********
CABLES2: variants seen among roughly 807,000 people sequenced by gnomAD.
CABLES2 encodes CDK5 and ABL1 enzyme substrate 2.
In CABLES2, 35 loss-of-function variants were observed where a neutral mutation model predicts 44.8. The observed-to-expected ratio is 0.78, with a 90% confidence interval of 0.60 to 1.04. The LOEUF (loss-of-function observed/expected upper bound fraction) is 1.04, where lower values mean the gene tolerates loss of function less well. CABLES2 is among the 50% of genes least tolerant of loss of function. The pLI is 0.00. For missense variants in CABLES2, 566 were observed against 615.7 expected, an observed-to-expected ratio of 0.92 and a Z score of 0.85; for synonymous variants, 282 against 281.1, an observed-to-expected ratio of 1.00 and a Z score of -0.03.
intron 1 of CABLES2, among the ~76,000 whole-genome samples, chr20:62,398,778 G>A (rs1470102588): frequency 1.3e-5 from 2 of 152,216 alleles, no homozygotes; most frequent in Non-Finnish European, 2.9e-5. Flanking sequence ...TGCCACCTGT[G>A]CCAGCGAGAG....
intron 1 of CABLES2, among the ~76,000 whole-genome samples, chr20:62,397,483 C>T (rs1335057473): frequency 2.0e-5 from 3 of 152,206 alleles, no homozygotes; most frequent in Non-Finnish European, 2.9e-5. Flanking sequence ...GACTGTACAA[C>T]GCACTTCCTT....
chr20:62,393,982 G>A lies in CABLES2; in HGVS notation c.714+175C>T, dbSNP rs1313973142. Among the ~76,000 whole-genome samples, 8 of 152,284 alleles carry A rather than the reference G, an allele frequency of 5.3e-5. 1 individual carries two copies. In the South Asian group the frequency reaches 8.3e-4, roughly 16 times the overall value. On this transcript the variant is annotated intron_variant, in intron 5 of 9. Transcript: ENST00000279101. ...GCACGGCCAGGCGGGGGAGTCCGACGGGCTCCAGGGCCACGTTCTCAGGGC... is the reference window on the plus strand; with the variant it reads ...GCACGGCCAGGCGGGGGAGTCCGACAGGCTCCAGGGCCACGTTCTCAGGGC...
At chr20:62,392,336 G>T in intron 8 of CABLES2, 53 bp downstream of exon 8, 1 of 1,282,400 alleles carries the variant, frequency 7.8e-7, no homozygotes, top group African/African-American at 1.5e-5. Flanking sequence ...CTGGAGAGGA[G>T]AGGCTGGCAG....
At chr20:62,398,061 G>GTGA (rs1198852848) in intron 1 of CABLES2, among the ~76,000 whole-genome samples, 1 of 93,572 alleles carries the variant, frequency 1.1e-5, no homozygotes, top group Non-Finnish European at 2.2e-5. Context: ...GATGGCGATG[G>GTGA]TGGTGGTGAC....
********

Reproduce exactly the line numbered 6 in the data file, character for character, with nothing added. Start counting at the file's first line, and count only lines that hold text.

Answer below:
chr20:62,393,982 G>A lies in CABLES2; in HGVS notation c.714+175C>T, dbSNP rs1313973142. Among the ~76,000 whole-genome samples, 8 of 152,284 alleles carry A rather than the reference G, an allele frequency of 5.3e-5. 1 individual carries two copies. In the South Asian group the frequency reaches 8.3e-4, roughly 16 times the overall value. On this transcript the variant is annotated intron_variant, in intron 5 of 9. Transcript: ENST00000279101. ...GCACGGCCAGGCGGGGGAGTCCGACGGGCTCCAGGGCCACGTTCTCAGGGC... is the reference window on the plus strand; with the variant it reads ...GCACGGCCAGGCGGGGGAGTCCGACAGGCTCCAGGGCCACGTTCTCAGGGC...